Google has thrown its support behind a contest that searches for ways to map out the U.S. government's esoteric spending patterns. Called "Data Viz Challenge," the contest has been assembled by the Eyebeam Art and Technology Center, a digital-arts collective headquartered a stone's throw from Google's Manhattan satellite office, and promises $5,000 to the entrant who can best "visualize how your individual federal income taxes are spent."
The Data Viz Challenge: can you make tax data exciting?
2/22/2011 09:20:00 AM
This time of year, everyone in the United States is starting to fill out—with varying levels of enthusiasm—our federal income tax forms. Yet, after we write our checks to the IRS, most of us don’t really know exactly where our money is going.
Mikael Jorgensen & Travis Thatcher at The Shrine Of Native Rites For Electric Winter @ Eyebeam, NYC
Travis Thatcher & I played electronics @ Eyebeam, NYC in the following installation:
“Esther Cheung & David Jimison - Shrine of Native Rites for the Electric Winter
Esther Cheung & David Jimison use technology in rituals of psychosomatic magick. The Shrine is a sacred space of the electro native. Projected symbols of a computational astrology on synthetic hides enclose an ambient electro tea ceremony. “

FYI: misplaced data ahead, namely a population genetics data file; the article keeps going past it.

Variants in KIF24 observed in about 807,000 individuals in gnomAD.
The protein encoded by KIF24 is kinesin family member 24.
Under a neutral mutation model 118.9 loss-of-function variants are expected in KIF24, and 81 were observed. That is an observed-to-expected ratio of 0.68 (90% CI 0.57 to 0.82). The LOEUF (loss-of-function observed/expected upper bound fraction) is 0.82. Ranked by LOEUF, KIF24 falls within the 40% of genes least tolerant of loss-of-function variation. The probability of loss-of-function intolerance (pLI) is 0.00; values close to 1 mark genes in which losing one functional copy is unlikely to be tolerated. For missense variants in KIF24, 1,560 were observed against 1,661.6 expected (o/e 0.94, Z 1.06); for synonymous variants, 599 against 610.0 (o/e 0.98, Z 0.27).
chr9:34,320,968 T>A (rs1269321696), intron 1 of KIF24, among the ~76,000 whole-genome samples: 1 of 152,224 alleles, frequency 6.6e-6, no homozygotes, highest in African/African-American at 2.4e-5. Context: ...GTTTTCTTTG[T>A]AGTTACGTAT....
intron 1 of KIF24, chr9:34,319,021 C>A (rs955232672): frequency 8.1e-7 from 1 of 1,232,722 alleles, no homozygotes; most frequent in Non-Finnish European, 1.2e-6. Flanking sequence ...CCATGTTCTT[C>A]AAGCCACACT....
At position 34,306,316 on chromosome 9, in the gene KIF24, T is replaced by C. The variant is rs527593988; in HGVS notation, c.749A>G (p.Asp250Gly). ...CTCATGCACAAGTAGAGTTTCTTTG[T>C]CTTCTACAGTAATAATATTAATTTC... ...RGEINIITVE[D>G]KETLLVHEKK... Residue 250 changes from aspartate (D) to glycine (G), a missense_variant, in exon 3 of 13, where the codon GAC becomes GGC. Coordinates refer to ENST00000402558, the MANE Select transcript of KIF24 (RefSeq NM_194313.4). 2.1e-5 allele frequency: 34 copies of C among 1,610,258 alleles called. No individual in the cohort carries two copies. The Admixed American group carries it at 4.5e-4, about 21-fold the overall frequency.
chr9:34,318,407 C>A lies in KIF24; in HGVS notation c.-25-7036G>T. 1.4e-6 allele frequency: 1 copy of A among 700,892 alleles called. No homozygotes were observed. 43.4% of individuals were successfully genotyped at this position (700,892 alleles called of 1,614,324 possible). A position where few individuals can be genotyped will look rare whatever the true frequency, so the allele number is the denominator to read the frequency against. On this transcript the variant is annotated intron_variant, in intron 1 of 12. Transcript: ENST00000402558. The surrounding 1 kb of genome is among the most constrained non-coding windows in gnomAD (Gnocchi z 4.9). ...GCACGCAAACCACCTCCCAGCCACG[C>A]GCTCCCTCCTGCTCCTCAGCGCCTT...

Last year, Massimo, David Mellis, and I attended the Open Hardware Summit in New York, and began working with several others at the summit on a definition and statement of principles for producing open hardware. We’re happy to announce that after several months of discussion, writing, and debate, version 1.0 of the open source hardware definition and statement of principles has been released. Shepherded gently but fiercely by Ayah Bdeir, the definition is a good starting point to talk about what open source hardware is, what best practices are, and how the businesses making it work. My hope is that it will lead to more mainstream adoption of open source hardware practices.
Jonah Peretti, Founder of Buzz Feed and the Huffington Post, [and founder of Eyebeam's OpenLab] talked about the early days. “We thought about things differently. It’s about communicating and sharing, and the activities the readers are doing. You need real-time stats to see how people interact with content. Do they share it, pass it along? It is less about saying, ‘Here is our media for you to read and digest,’ and more about ‘How are people interacting with our media?’